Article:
They may look like a soggy sausage and seem just about as threatening as one – but sea cucumbers have a trick or two up their… anus? Yep, in the face of danger these unsuspecting specimens can turn secret assassins and shoot organs through their body wall, out their mouth or even out their anus. Much to the horror of any would be predator.
Exactly which organs varies widely between different sea cucumber species. From just a small part of their digestive tract to almost their entire internal structures; the stomach, respiratory tree, gonads, nerve ring – the lot!
In some tropical sea cucumbers, Cuvierian tubules are fired; white, spindly structures that normally lay beneath their equivalent of gills. When shot from anus, they become long and sticky and, depending on the species of sea cucumber, may scare off, immobilise or even kill a potential predator!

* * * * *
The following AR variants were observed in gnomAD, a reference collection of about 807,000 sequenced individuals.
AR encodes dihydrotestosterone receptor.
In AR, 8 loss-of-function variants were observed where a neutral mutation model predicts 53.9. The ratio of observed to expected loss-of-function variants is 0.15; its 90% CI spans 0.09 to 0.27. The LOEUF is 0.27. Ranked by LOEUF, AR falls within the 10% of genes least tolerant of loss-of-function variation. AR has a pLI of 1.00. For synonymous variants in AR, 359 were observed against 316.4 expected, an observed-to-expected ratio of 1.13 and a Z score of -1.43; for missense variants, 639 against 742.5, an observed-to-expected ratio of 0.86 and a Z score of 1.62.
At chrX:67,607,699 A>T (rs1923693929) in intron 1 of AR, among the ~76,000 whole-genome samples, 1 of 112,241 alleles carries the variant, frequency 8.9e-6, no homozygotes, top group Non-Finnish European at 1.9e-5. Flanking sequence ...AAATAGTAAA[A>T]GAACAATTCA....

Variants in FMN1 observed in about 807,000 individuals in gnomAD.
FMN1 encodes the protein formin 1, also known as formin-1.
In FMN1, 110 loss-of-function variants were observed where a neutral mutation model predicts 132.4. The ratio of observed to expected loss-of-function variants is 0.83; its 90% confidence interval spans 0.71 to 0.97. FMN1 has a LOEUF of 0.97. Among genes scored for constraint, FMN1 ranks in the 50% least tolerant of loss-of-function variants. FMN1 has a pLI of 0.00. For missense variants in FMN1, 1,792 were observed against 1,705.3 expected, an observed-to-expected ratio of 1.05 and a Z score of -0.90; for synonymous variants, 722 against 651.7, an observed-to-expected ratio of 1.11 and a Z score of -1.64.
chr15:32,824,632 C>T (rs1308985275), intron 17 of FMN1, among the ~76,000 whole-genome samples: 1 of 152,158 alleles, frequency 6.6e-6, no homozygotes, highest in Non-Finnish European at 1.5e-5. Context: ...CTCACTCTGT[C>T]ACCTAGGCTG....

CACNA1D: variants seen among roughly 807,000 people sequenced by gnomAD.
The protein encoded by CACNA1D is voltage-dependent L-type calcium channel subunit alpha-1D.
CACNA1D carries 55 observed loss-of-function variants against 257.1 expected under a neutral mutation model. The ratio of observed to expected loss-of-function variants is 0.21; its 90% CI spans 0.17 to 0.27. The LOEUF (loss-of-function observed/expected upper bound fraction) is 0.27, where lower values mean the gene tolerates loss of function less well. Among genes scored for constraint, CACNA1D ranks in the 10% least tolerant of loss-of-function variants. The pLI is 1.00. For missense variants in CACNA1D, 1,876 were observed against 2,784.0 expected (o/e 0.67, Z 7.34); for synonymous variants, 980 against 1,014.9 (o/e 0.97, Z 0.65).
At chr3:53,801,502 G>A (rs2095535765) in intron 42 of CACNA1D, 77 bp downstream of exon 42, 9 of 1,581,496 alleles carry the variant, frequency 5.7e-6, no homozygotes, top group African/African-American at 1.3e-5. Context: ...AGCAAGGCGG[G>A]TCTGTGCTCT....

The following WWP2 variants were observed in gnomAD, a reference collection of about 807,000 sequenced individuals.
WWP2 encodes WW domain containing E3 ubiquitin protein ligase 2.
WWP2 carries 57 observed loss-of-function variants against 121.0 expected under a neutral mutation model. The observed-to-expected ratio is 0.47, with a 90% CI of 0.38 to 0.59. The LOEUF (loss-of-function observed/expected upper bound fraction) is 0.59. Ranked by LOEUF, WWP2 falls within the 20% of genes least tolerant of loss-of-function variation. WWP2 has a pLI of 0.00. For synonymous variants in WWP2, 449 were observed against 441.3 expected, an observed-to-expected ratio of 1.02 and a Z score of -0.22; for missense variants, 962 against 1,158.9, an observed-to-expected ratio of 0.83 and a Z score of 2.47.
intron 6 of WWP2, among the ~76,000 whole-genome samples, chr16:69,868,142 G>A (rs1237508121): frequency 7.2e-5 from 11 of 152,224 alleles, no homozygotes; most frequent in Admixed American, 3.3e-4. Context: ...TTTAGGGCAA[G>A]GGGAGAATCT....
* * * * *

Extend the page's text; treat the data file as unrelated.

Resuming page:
Wanna see it in action? Of course you do…
Self-mutilation yes, but it isn’t suicide in the way a bee sting ends. Most of the time sea cucumbers can regenerate these structures, some in as few as seven days and others as long as 145. Interesting too, while not all sea cucumbers have the special ability of dispelling their interiors, all have some sort of regeneration power at least.
So, helpless and humble? I think not. Sea cucumbers deserve a little more cred than that. Their amazing bodies possess the powers of ejection and regeneration and, for that, they deserve a double take and a doubly big dowsing of odd organisms love.
Hickman, C., Roberts, L., Keen, S., Eisenhour, D., Larson, A., & I’Anson, H. (2011). Integrated principles of zoology (fifteenth edition). New York: McGraw-Hill
Vandenspiegel, D., Jangoux, M., & Plammang, P. (2000) Maintaining the line of defense: regeneration of cuvierian tubules in the Sea Cucumber Holothuria forskali (Echinodermata, Holothuroidea). The Biological Bulletin, 198, 34-39. Retrieved from: http://www.biolbull.org/content/198/1/34.full.pdf
(2010) Giant, Unkown Animals Found off Anterctica. Retrieved September 27, 2013 from: http://news.nationalgeographic.com/news/2008/03/photogalleries/Antarctica-pictures/photo9.html